After what it terms “an extremely successful opening” of its first offering of the season, “Pippin,” Princeton Summer Theater has staged the rarely performed and little known “Spider’s Web” by famed mystery writer Agatha Christie.
It helps to put the origins of the play in perspective. It’s 1953 and British movie actress Margaret Lockwood — known for her starring role in Alfred Hitchcock’s mystery film “The Lady Vanishes” — is impressed with the London productions of Christie’s 1952 hit play “The Mousetrap” (the longest continuously running play in history and still on stage in London) and hears about rehearsals for a new Christie play, “Witness for the Prosecution.” She then begs the best-selling mystery novelist-turned-playwright to write a new comedy-mystery play for her.
Surprisingly Christie agrees and writes one very quickly during the final rehearsal weeks of “Witness.” The plot is built on four scenes Christie had already written in novel form and focuses on a British diplomat’s second wife, the storytelling Clarissa, and her discovery of a corpse behind the couch in the drawing room in their rented home in Kent —right before an important secret meeting.
“Spider’s Web” opened in London in mid-September of 1954 and was not particularly well received by the critics. One commented: “There will always be some people who find it hard to laugh at jokes about the disposal of corpses.” And Lockwood as the central role of Clarissa was not noticeably praised either. But the public obviously loved the show, and it became one of three Christie shows to play several seasons in the West End. It ran for 774 performances.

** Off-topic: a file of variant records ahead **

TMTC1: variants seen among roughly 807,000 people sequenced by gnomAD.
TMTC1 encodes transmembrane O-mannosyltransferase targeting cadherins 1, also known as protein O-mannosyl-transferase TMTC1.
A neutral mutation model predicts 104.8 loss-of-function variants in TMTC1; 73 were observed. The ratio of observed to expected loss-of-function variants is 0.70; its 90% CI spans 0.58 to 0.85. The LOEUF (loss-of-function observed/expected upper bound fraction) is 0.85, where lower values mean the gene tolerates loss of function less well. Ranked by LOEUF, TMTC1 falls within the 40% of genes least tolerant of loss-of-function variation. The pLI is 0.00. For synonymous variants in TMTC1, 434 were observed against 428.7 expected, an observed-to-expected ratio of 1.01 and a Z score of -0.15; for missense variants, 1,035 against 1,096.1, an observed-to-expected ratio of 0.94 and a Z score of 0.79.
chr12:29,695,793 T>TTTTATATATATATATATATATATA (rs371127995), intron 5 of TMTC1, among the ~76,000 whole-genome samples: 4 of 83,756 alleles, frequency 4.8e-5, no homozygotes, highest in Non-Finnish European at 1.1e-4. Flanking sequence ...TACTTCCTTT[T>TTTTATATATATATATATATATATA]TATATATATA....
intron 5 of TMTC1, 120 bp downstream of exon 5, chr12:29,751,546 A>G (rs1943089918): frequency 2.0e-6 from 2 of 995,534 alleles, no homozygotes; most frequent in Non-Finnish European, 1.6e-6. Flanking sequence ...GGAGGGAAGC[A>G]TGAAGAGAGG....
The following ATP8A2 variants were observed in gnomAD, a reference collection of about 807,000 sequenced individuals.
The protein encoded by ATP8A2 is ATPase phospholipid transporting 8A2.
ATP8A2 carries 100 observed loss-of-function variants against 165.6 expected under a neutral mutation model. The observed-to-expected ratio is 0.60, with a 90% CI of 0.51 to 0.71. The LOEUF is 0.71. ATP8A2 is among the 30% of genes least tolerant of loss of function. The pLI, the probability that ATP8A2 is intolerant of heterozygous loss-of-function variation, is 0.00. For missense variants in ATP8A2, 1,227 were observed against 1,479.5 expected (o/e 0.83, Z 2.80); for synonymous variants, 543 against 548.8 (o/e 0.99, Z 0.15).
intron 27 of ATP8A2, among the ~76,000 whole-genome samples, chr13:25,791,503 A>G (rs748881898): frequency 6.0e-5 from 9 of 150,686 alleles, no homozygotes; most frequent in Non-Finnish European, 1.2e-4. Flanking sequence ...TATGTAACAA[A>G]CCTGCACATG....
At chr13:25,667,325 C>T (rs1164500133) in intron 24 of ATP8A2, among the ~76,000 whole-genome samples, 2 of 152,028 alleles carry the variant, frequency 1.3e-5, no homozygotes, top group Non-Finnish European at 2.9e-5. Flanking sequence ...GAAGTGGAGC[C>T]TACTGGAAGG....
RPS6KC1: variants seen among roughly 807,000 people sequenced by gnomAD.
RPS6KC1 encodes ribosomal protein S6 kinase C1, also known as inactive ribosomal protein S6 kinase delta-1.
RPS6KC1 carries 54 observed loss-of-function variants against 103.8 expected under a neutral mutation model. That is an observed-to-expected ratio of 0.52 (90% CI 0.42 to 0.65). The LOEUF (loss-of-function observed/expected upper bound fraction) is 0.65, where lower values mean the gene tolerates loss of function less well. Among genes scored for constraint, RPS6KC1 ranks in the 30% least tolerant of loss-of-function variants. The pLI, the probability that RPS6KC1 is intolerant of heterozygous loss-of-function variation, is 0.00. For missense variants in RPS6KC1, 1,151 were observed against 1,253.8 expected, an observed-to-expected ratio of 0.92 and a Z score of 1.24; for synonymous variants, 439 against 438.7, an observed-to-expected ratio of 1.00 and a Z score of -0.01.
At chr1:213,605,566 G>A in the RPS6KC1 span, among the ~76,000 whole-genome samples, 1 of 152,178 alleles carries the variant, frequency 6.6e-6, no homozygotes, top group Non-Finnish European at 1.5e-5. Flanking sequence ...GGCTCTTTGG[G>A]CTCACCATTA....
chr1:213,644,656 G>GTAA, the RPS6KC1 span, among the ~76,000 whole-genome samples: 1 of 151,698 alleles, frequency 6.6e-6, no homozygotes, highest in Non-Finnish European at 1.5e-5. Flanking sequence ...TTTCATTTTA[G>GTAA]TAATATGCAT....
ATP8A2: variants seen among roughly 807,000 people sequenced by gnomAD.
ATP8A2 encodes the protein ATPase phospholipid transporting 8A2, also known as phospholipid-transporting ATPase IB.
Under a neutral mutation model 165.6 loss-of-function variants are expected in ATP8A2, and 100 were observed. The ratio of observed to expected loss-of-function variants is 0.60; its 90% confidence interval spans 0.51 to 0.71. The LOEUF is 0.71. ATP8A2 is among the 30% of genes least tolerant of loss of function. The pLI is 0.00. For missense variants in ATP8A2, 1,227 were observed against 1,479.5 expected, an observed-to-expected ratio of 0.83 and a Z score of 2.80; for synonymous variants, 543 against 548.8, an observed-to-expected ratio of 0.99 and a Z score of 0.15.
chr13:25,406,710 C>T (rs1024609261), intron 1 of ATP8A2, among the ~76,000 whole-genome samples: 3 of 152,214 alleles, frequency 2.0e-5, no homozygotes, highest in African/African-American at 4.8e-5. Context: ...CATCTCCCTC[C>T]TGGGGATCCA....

The PST production in the hands of director Luke Soucy and a wonderful company of eight actors agrees with the public’s response and will provide you with a delicious evening. And while you will undoubtedly notice the work has moments that seem to sag a bit, this cast is so strongly confident that you simply won’t care. You will certainly have your own favorites, but mine included fresh and pert Abby Melick as Clarissa. She recently graduated from Princeton and is on her way to the Dominican Republic as a Latin American fellow. And Ross Barron, a Princeton graduate who has already studied theater at Stella Adler in this country and Guildhall School in London, handles the tricky role of the Inspector with great authority, completely commanding several scenes.
You will also admire Christopher Damen as Sir Rowland, Pablo Milla as Hugo, and Peter Giovine as Jeremy. The males have more to do in this mystery than the females (probably due to Miss Lockwood and her requests.) But Alex Vogelsang, Lydia Watt, and Meagan Raker are perfect in their roles. The set is a thing of beauty, very British and exquisitely decorated. Credit set designer Joseph Haggerity and give an additional pat on the back to lighting designer Alex Mannix.
Director Soucy points out in a program note that Christie’s world is one in which disorder is always temporary, crime is always punished, and truth will always win out. If you think about it, that might well be boring in large doses. But Soucy does a magnificent job of keeping everything moving and tempering his comedy with zaps of reality. The cast enthusiastically responds. You won’t get many opportunities to see this show. Grab it now.
Spider’s Web, Princeton Summer Theater, Murray Dodge Hall, Princeton University. Thursday, July 20, through Sunday, July 23, at 8 p.m. with a 2 p.m. show Saturday and Sunday. $24.50 to $29.50. 732-997-0205 or www.princetonsummertheater.org.
The season continues with Arthur Miller’s “The Crucible,” July 27 through August 6, and contemporary American playwright Branden Jacobs-Jenkins’ Obie-award winning “Appropriate,” August 10 through 20.